Winter into Summer: Inevitable Change and the Need for Vigilance
by Michael Haehnel
Here in the Northeast, we are coming off an unusually severe and long winter. The changing of seasons is always fascinating to me. Some days, as warm air collides with cold, the winds are riotous. It feels as though they will peel the siding off our house. And, to be sure, the spring winds do cause some real damage. But winter gives way to summer in the end.
As I hear about the adverse reactions to Charlie Bird and Matt Easton’s comings out, I am saddened. Living outside the Intermountain West, I get to hear the fun stuff without the local flack. So at first, I am elated. But as the reports of strident negative reactions filter their way eastward, reality sets in. There is still a very long way to go.
Seasons change, and violent winds blow. Latter-day Saint teachings endorse continual suspicion against any social change that does not originate within the Church. Whatever comes onto the world stage without the prophet and apostle’s imprimatur must be “of the world” and another indication of the general societal decline leading to the Second Coming. The us-versus-them rhetoric grows more strident.
Taking a step back, this is all quite natural. People are averse to anything that threatens to disturb their worldview. To call longstanding beliefs into question is often the same as calling a lifetime of decisions and actions and behaviors into question. People will vigorously defend their philosophical underpinnings. I myself have done so many times in the past. It is only natural. But that does not excuse such reactionism.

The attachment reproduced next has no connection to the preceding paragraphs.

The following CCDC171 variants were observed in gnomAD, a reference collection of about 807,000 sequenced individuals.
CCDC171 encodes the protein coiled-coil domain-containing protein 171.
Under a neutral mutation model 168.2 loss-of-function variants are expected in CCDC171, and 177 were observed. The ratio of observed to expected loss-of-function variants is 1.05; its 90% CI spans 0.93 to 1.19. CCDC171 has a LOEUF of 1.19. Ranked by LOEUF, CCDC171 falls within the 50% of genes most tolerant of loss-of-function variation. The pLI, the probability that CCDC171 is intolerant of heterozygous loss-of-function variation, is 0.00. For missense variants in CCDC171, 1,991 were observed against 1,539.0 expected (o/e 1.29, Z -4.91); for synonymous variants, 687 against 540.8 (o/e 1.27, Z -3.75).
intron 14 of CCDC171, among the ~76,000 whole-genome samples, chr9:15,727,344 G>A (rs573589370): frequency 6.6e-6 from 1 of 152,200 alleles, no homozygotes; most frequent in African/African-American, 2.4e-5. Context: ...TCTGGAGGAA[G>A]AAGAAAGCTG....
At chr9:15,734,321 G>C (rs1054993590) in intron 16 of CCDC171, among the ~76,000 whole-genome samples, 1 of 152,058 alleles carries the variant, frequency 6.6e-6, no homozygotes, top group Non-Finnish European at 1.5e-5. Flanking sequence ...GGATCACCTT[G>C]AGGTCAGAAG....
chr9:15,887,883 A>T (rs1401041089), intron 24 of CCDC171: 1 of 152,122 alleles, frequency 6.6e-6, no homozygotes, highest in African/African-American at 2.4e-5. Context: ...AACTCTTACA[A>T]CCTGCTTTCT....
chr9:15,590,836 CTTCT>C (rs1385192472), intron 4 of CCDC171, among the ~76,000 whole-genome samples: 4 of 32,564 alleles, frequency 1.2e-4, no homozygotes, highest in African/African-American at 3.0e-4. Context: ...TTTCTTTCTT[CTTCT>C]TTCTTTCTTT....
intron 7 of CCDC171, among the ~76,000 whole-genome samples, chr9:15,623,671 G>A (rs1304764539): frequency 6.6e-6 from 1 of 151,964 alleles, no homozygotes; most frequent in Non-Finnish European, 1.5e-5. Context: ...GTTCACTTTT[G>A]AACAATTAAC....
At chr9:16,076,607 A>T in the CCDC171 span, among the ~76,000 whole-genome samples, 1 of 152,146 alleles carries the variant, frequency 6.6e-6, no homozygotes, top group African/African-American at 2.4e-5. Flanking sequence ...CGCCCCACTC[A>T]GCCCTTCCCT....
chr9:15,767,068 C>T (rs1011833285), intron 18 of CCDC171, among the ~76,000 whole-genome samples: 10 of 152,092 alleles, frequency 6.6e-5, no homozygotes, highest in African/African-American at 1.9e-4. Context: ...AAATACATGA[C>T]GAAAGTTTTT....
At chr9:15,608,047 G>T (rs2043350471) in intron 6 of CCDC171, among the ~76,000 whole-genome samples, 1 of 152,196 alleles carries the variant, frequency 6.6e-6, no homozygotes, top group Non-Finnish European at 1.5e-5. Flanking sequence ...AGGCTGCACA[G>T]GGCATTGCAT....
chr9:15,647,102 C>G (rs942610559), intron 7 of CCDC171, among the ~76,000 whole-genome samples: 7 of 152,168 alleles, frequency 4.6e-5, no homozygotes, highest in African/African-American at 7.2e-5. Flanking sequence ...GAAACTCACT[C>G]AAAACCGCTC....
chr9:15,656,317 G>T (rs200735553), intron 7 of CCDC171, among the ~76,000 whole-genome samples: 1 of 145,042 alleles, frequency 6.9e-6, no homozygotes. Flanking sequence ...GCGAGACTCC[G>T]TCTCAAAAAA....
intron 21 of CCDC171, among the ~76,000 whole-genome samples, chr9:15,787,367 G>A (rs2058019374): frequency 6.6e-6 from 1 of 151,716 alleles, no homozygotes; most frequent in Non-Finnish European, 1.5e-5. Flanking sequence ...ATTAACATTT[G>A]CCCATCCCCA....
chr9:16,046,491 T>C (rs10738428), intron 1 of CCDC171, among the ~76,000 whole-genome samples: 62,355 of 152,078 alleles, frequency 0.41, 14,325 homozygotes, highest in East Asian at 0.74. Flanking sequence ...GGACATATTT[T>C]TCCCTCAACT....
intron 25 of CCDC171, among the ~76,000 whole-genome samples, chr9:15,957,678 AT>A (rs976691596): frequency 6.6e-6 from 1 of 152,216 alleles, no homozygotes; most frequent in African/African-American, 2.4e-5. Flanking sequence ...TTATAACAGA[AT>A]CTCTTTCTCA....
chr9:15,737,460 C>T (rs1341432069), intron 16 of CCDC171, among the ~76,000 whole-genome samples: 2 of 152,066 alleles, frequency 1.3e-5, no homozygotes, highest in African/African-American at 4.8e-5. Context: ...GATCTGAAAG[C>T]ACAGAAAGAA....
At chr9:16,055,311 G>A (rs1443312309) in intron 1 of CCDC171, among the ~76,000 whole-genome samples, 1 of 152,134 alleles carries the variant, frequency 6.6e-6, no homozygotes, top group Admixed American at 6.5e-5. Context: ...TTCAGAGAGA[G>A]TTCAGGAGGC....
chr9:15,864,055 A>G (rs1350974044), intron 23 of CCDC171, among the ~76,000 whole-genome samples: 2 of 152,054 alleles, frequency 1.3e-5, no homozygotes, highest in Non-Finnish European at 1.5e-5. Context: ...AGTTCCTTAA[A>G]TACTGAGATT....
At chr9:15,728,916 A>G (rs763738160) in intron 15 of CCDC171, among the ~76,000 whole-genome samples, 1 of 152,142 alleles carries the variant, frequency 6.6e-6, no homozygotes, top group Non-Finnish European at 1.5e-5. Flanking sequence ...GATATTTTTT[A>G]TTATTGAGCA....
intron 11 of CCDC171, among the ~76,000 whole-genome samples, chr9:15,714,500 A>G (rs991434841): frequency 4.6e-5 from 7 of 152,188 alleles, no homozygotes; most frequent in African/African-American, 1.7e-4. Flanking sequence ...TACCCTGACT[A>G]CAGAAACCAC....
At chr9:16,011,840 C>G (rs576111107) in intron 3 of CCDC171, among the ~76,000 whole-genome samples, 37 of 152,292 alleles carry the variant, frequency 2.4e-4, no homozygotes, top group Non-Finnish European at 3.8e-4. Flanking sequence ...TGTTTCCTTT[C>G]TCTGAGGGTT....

The natural man may be “an enemy to God,” but that doesn’t mean that our natures are ungodlike. Other scriptures use the words “nature” or “natural” to describe positive aspects of our existence. What this scripture does point out is that certain behaviors and inclinations—such as instinctive reactions—often run contrary to God’s designs. The answer to this negative kind of natural response is, as the scripture points out, to be “as a child, submissive, meek, humble, patient, full of love.” We might say “open-minded” or “willing to move out of our comfort zone.”
The truth is that God has not always chosen the Church as the means for bringing about positive change in the world. Sometimes the Church is at the tail end of changes, rather than the forefront. The civil rights movement is a prime example. The natural inclination to resist change that is not Church-initiated played out in that process.
So it goes now. Society is coming to the truth that gender and sexuality do not fit neatly into boxes, that they entail numerous gradations, that they may be fluid, and how individuals respond to their own gender and sexuality is really a matter of individual agency. Summer is coming. Winter cannot prevail. In the latitudes of the Church and other like-minded ideologies, the winds blow furiously as the cold air of outmoded belief meets the warm air of true humanity. These are but paroxysms of fear and confusion as individuals face the reality that what they have believed all along is simply not true and cannot stand.
The winds will pass. In the meantime, let us keep track of each other, holding hands and providing protection. The winds, while inevitable and indicative of good times to come, are dangerous. We can be hopeful, for sure, but the time for vigilance has not passed.
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